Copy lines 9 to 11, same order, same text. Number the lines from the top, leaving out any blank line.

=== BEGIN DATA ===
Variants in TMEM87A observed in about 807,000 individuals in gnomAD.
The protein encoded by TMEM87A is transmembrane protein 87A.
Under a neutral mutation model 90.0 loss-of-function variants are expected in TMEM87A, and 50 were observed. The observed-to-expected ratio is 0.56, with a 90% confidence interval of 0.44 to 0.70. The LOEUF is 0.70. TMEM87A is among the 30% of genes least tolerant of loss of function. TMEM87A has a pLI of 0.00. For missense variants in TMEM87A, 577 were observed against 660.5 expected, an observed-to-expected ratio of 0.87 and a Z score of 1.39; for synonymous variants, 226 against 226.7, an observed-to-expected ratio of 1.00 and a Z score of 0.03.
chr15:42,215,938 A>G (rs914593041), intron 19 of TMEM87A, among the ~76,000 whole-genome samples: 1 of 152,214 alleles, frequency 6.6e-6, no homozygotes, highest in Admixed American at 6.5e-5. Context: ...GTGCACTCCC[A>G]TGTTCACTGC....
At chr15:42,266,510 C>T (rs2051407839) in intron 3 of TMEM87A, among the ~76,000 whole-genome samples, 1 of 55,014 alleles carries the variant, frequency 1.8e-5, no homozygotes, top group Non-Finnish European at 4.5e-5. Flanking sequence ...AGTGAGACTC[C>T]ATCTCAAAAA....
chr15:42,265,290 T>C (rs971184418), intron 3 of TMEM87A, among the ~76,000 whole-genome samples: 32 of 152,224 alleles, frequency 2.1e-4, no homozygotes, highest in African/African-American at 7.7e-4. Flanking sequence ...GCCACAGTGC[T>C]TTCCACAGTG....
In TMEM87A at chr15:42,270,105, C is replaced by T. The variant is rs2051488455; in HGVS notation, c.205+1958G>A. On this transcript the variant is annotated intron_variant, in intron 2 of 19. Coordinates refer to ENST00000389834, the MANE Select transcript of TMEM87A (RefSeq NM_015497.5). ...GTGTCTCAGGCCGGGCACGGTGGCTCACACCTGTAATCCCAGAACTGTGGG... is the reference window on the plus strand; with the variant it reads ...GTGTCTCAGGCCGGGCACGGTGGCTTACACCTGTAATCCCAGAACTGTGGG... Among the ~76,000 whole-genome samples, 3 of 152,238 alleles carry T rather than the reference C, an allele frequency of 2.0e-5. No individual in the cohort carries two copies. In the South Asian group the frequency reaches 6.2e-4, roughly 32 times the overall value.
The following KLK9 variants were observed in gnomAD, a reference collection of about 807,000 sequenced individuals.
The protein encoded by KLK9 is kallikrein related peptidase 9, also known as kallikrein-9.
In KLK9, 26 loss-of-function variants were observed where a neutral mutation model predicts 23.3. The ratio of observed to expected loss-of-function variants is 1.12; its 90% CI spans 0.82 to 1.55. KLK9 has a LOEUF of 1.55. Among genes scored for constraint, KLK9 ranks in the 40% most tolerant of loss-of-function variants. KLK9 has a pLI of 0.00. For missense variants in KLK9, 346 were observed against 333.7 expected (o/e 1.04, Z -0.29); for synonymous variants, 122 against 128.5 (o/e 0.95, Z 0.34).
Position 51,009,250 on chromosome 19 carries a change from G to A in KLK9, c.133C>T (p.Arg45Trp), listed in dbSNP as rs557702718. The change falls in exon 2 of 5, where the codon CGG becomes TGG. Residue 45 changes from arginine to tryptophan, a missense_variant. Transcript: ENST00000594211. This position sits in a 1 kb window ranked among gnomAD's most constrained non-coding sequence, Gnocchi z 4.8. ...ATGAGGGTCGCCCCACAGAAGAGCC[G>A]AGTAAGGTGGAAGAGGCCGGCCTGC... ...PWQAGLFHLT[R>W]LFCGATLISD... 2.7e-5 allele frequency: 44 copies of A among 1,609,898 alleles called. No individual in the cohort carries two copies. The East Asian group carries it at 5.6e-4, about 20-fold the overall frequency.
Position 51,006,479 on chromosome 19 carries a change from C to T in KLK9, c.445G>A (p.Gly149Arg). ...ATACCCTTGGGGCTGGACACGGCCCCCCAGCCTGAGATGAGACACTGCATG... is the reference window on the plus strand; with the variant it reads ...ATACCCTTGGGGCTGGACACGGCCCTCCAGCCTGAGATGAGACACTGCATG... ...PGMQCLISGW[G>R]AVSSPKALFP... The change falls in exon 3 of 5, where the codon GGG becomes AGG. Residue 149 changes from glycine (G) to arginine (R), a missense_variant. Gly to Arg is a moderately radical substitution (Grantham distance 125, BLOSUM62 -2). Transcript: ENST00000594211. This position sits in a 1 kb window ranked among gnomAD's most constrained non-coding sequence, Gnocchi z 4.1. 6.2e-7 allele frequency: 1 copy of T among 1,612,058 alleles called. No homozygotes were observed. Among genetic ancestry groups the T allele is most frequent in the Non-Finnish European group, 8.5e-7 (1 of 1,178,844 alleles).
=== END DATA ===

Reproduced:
The protein encoded by KLK9 is kallikrein related peptidase 9, also known as kallikrein-9.
In KLK9, 26 loss-of-function variants were observed where a neutral mutation model predicts 23.3. The ratio of observed to expected loss-of-function variants is 1.12; its 90% CI spans 0.82 to 1.55. KLK9 has a LOEUF of 1.55. Among genes scored for constraint, KLK9 ranks in the 40% most tolerant of loss-of-function variants. KLK9 has a pLI of 0.00. For missense variants in KLK9, 346 were observed against 333.7 expected (o/e 1.04, Z -0.29); for synonymous variants, 122 against 128.5 (o/e 0.95, Z 0.34).
Position 51,009,250 on chromosome 19 carries a change from G to A in KLK9, c.133C>T (p.Arg45Trp), listed in dbSNP as rs557702718. The change falls in exon 2 of 5, where the codon CGG becomes TGG. Residue 45 changes from arginine to tryptophan, a missense_variant. Transcript: ENST00000594211. This position sits in a 1 kb window ranked among gnomAD's most constrained non-coding sequence, Gnocchi z 4.8. ...ATGAGGGTCGCCCCACAGAAGAGCC[G>A]AGTAAGGTGGAAGAGGCCGGCCTGC... ...PWQAGLFHLT[R>W]LFCGATLISD... 2.7e-5 allele frequency: 44 copies of A among 1,609,898 alleles called. No individual in the cohort carries two copies. The East Asian group carries it at 5.6e-4, about 20-fold the overall frequency.